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What's On My Mind?

Thinking through the Thing: I had said that I thought this was wasteful of battery life. Now, I'm thinking that many many things are wasteful of battery life, and that's the user's decision, not mine. I mean, for myself, I'd rather run it as a crontab-based Unix tool, but not everyone is me.

So, I guess the solution is to man up and learn to develop for phone. The barriers to entry for the iThing market, for me are 1) getting a Mac and 2) getting an iThing, so looks like I should learn to develop for Android.

Which I've been telling myself regularly for the last four years.

Computer Science as a Subset of Math, and what it means for Hackers like Me: I work at a big university with a great Computer Science department, one that gave me a degree. So, I feel I should go and attend colloquia and the like, to keep expanding my mind.

Thing is, as an undergrad, the coursework was all about how to use the tools of software development. Not even software engineering, which is more about creating processes for writing, testing, and delivering code. For example, the use of git as a code repository is a software engineering question, but the use of functional or object-oriented programming is a software development question.

So, what's a computer science question? I don't know that I'm qualified to answer that. But that shouldn't stop me.

Consider the sites in Stack Exchange. There's the site they created it for, StackOverflow, which I tend to go to for syntax-related questions. If you want to code, go there. If you want to use the tools others coded, there's Ask Ubuntu, ServerFault, SuperUser, and many more. If you want to ask question s about how to live and work like a programmer, there's Programmers. And, if you have over a certain amount of reputation on one Exchange, you have proven that you're a helpful person, and you get some credit on others, except for the highly domain-specific places.

Such as Math and Theoretical Computer Science. Because your thoughts on Replicants in Blade Runner or why guitars are tuned like they are mean nothing when it comes to Set Theory, P vs NP or the Church-Turing Hypothesis.

(That might be an old rule about Stack Exchange reputation.)

In essence, if an idea is best presented as source code or pseudocode, it might be best found in StackOverflow, while if an idea is best presented as an equation, it is either Math or Computer Science.

To me, in most places where we more properly say "Computer Science", we're talking, more or less, Complexity. This can involve Machine Learning, Emergent Behavior, understanding the structure of the Genome, or the behavior of puppies. Because this is what I'm looking at from the outside, there's a lot more to it and I'm subtly, or perhaps less than subtly, wrong. In a nutshell, if we could do a science without computers, without using them to image and parse physical things, without using them to analyze greater and greater amounts of data, we would've done these things in the centuries before we turned sand into circuits. "All Science is Computer Science", I say.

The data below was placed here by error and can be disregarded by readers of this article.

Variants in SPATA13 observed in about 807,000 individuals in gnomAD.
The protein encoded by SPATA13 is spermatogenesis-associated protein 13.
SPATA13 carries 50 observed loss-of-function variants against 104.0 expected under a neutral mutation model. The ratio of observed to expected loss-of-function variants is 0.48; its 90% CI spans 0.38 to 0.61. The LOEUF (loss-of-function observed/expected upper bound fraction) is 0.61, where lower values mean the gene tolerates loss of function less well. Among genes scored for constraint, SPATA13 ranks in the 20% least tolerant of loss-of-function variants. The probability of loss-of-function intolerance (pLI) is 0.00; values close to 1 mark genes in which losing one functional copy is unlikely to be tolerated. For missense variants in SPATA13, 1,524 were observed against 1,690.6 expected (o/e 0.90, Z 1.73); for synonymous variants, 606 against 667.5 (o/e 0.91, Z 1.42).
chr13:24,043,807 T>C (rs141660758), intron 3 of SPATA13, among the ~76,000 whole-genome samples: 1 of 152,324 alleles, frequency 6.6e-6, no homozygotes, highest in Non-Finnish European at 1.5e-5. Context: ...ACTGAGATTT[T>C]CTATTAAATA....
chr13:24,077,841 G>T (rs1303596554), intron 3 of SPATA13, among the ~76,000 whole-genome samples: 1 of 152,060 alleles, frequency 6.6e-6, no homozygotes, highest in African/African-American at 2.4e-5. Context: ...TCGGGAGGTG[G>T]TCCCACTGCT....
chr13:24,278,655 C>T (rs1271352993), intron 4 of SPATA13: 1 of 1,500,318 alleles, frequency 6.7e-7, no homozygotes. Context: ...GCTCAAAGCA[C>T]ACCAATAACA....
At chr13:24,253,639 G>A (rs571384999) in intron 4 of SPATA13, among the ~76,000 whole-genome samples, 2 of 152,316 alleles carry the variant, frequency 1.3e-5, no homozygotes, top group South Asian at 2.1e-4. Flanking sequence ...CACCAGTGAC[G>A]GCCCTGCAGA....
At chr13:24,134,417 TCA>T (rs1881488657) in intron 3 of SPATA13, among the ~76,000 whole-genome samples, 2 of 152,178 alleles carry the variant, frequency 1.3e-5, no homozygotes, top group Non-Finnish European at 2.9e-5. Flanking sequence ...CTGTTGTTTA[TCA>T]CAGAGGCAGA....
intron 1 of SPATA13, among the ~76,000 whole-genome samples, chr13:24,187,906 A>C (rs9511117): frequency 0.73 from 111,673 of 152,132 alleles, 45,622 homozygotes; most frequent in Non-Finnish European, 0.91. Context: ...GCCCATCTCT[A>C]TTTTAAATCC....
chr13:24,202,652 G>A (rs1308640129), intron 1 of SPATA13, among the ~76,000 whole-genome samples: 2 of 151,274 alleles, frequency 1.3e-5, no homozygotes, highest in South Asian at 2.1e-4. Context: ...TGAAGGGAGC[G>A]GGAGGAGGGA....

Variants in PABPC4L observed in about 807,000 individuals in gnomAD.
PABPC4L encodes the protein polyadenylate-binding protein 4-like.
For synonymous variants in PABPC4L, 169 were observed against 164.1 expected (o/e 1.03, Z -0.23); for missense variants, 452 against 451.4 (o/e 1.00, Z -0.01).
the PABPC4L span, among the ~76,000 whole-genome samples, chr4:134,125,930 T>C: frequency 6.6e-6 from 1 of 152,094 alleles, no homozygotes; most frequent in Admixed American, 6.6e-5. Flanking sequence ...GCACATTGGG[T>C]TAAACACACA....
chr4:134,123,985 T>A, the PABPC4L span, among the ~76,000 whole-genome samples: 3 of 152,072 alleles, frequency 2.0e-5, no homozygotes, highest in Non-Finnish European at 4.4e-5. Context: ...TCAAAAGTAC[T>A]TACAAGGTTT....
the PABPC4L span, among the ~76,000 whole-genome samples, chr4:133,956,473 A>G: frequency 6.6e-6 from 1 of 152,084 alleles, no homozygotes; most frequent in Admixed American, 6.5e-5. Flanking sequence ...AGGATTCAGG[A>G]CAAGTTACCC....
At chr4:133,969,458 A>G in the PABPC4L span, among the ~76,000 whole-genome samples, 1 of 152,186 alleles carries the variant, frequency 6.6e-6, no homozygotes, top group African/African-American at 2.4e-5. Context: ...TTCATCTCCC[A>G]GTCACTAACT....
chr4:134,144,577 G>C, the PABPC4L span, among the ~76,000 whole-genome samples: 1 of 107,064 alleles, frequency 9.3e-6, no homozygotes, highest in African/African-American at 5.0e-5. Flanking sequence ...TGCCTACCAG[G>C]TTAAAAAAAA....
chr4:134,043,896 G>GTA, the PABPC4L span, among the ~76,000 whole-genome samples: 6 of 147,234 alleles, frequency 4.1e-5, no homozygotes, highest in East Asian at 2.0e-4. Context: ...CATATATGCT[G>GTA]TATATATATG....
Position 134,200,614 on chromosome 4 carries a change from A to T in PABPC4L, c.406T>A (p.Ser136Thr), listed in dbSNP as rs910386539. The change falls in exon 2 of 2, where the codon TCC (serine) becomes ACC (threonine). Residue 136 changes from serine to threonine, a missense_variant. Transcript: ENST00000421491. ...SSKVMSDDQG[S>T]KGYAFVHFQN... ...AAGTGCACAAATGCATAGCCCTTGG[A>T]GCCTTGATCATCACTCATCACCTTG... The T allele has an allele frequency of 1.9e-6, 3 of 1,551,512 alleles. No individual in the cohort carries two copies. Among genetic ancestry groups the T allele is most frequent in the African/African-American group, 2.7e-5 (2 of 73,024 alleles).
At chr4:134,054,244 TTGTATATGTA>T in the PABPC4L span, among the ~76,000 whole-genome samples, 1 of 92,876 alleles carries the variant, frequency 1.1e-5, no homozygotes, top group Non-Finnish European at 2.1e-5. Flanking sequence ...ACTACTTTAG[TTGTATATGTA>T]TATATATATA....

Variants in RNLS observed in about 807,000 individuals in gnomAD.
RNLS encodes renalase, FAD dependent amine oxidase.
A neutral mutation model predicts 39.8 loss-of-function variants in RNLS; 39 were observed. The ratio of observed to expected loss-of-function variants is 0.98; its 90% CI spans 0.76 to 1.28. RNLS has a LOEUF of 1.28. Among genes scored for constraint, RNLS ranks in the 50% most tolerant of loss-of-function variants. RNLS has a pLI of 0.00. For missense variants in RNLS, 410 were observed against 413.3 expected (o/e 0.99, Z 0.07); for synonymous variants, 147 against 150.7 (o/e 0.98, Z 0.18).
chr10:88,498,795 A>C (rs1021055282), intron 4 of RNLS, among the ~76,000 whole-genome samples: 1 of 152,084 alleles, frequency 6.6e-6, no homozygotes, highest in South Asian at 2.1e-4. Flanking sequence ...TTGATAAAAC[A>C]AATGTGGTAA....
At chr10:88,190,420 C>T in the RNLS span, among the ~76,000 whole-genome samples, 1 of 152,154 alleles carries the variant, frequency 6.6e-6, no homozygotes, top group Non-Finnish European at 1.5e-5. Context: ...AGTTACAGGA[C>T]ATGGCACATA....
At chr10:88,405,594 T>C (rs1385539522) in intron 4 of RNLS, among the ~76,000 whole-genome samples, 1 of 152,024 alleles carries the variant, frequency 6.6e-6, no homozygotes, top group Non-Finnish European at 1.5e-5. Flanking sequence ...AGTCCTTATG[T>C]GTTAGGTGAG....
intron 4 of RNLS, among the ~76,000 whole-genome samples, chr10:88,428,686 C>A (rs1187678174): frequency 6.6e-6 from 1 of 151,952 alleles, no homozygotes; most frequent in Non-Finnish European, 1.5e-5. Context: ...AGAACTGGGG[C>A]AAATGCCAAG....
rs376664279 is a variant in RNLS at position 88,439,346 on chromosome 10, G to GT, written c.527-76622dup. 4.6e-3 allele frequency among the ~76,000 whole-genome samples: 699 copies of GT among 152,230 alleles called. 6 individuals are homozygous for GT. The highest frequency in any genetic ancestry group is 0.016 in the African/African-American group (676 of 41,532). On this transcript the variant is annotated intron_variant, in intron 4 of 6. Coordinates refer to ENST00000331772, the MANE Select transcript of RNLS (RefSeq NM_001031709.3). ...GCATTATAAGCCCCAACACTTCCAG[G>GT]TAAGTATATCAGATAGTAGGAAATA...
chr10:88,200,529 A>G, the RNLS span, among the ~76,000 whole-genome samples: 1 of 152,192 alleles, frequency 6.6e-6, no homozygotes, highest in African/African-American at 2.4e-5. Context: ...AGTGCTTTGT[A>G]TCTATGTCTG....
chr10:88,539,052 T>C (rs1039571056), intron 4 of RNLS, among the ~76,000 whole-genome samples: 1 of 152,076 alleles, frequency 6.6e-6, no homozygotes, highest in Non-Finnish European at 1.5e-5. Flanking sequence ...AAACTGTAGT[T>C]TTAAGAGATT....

In my day job, I help Science. Metadata needs to exist and be here so it can be combined with data and help us know what we're talking about, and that's what I do. I make it easy to collect the metadata and write it in ways the instruments need it. I plot out the data. But I don't do anything with the data.

This does keep me busy, but when I go to talks like today's talk on "Learning Structure from Data: Applications, Algorithms, Statistical  Efficiency and General Frameworks", it's as if they're talking another language. They are. They're speaking math, and I'm used to speaking code.

So, perhaps I should take the Coursera class on Data Science. Because I'm finding need of using next-level, "smart" tools to poke into different aspects of my life, and I'm stuck somewhere between the buzzword and the actualization.

We Need Another Number Format: Think about this.

You might think "Yeah, Javascript sucks."

Same is true with Python. With Java. With Perl 5. It's IEEE 754, the standard for handling floating point numbers. If your language doesn't fail at 0.1 + 0.2 - 0.3 == 0, it is not standards-compliant.

But, clearly, if I give you a penny, then two pennies, then take away three pennies, you end up with no pennies, not 5.551115123125783e-17 pennies.

This is the thing I'm hitting right now at work.

This, the jump between $159.95999999999998 and $159.96 is simultaneously too small for anyone to care for any specific transaction and enough, for enough transactions, to put Richard Pryor in a Ferrari in Superman III.

So, I'm thinking, for the purposes I'm needing to do it, the solution is to multiply by 100, parse as into to drop anything remaining, do what simple math needs to be done, then divide by 100, or maybe just drop a period in there.

And working myself up to doing what I know must be done is what I'm doing today.

(Pictures are mine, taken by me, trying to make this post less text-filled and grey.)